Workplace sexism rears its ugly head in ‘What We’re Up Against’

Andrea Prendamano, left, and Jennifer Robbins co-star in "What We're Up Against," which is at the Hackensack Cultural Arts Center through Oct. 2.

Andrea Prendamano, left, and Jennifer Robbins co-star in “What We’re Up Against,” which is at the Hackensack Cultural Arts Center through Oct. 2.

“What We’re Up Against,” which The Company Theatre Group is currently presenting at the Hackensack Cultural Arts Center, has a vague title, so let me start by saying that the “we” refers to women and the thing they are up against in this play is workplace sexism. Playwright Theresa Rebeck — whose other works include “Mauritius,” “Omnium Gatherum” and “Seminar” — wrote it in 1992, but now, nearly 25 years later, it still seems as timely as ever.

The play, directed by Lou Scarpati (also The Company Theatre Group’s managing artistic director), begins with architecture firm colleagues Stu (Andrew Lionetti) and Ben (Bram Akcay) talking about a young woman who has joined the staff.

“What do we need another woman for?” asks Ben. “We have one of them.”

It turns out that the young woman, Eliza (Jennifer Robbins), has been given little to do since starting with the company, five or six months ago. She deals with this by solving an architectural problem, having to do with ducts at a shopping mall, that has been vexing Ben and another relatively new company hire, Weber (Larry Kadish) — and submitting it to Stu under Weber’s name.

Stu thinks the solution is great until he learns that Eliza came up with it, and suddenly the work itself becomes irrelevant, and all he cares about is that Eliza has (in his eyes) done such an outrageous thing.

It’s not about the work. “This is about power,” he says.

And Eliza clearly deserves more of it. Since she was able to solve the monumental duct problem (Ben spends much of the play moaning about it), we assume there is reason for her to be so supremely confident in herself. “My talent is as real as a tree,” she pronounces at one point. At another point, when she is told her work is impressive, she responds, smugly, “Yes it is.”

On a level playing field, she’d be running the company already. Stu drinks nonstop. Weber is more concerned with kissing up to his superiors than doing quality work. And the company’s other female employee, Janice (Andrea Prendamano), is happy to stay on the sidelines, a mere token, as long as she’s being paid.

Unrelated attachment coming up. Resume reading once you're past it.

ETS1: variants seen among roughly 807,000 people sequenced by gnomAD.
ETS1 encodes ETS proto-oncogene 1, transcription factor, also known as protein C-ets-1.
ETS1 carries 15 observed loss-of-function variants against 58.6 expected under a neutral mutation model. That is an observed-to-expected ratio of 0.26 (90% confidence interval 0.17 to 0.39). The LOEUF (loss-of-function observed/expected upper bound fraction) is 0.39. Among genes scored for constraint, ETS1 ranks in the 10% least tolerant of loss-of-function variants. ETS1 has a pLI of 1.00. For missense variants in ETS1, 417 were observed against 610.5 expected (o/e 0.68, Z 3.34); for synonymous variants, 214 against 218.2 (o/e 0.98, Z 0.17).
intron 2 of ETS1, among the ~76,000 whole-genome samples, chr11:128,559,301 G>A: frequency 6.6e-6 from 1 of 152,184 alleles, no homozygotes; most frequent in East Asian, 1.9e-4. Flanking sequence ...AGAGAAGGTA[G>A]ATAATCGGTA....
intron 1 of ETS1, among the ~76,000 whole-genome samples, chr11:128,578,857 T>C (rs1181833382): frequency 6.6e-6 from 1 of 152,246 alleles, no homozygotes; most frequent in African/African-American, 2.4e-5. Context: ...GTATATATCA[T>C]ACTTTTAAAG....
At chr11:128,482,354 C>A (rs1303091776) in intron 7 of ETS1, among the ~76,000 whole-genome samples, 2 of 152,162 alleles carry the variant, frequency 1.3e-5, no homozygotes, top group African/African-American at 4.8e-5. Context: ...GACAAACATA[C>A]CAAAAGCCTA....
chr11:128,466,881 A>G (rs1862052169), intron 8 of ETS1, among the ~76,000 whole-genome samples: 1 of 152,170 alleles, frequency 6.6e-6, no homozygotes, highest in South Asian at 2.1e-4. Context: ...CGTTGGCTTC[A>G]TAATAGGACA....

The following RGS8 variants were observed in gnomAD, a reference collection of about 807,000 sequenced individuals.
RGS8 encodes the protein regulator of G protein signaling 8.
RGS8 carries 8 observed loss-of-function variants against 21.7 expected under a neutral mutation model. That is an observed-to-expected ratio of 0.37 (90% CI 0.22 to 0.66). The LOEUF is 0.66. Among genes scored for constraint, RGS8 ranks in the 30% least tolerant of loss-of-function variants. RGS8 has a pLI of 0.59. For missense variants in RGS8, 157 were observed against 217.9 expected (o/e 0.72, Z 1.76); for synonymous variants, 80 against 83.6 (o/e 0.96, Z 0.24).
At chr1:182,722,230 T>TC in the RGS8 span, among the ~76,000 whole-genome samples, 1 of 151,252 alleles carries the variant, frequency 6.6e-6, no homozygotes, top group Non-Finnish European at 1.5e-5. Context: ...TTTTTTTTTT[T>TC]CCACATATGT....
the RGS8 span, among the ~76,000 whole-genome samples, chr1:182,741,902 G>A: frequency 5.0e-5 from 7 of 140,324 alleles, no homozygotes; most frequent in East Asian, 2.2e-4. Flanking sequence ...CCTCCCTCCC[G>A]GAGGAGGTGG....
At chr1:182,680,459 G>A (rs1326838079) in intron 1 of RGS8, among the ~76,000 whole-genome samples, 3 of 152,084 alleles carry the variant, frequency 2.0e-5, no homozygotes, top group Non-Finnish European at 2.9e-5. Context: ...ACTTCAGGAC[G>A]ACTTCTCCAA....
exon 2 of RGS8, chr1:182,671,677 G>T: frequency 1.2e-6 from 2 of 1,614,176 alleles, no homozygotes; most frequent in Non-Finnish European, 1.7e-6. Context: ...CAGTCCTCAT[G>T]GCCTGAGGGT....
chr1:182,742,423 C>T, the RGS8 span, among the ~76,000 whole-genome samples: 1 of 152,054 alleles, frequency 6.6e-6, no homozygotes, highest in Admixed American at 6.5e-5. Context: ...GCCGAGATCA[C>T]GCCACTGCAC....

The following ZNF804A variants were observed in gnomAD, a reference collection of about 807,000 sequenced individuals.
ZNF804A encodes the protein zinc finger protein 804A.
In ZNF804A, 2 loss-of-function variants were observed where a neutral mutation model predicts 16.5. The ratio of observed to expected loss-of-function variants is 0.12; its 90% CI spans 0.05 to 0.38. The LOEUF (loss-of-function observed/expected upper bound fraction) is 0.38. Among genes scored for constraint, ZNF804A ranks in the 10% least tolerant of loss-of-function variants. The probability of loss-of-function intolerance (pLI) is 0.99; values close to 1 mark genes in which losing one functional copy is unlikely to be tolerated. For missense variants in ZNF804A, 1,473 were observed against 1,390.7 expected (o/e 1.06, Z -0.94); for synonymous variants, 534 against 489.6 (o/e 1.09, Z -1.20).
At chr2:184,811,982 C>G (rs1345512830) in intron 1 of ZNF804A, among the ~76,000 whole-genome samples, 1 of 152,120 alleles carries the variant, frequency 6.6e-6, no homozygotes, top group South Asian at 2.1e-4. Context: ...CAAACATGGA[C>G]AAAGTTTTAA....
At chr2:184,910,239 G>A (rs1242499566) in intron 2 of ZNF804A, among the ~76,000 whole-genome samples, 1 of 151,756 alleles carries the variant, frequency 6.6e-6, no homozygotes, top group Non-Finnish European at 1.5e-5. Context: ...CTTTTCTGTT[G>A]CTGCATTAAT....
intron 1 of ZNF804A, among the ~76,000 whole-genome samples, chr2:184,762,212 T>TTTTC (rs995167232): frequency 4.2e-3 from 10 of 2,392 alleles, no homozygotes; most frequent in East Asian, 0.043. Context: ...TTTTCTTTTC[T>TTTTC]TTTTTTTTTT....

Eliza acts more professionally and even dresses much better than anyone else here. Ben is the only one, besides Eliza, who seems to be even minimally competent.

Some of the play’s most subtle touches are its most powerful ones. For instance, in a scene in which Stu, Weber and Janice are having a meeting, Stu stays focused on Weber, as if Janice is invisible. (Janice tells Eliza later on that she underwent the same kind of freeze-out that Eliza is going through when she joined the company.)

I thought there was a problem with the Janice character, though. Prendamano’s broadly comic interpretation seemed to be imported from another play. Just look at the photo above to get an idea of the extreme contrast between the shrill, almost clownish Janice and the angry, determined Eliza.

And Ben’s transformation from the lout we see in the opening act to the much more sympathetic figure he is, later on, comes from out of nowhere. His brutally sexist comments didn’t seem concocted just to please Stu; he seemed to really believe what he was saying.

But mostly, ‘What We’re Up Against” rings true, with many wry laughs along the way.

“What We’re Up Against” is at the Hackensack Cultural Arts Center through Oct. 2; visit

Explore more articles:

Leave a Comment

Sign up for our Newsletter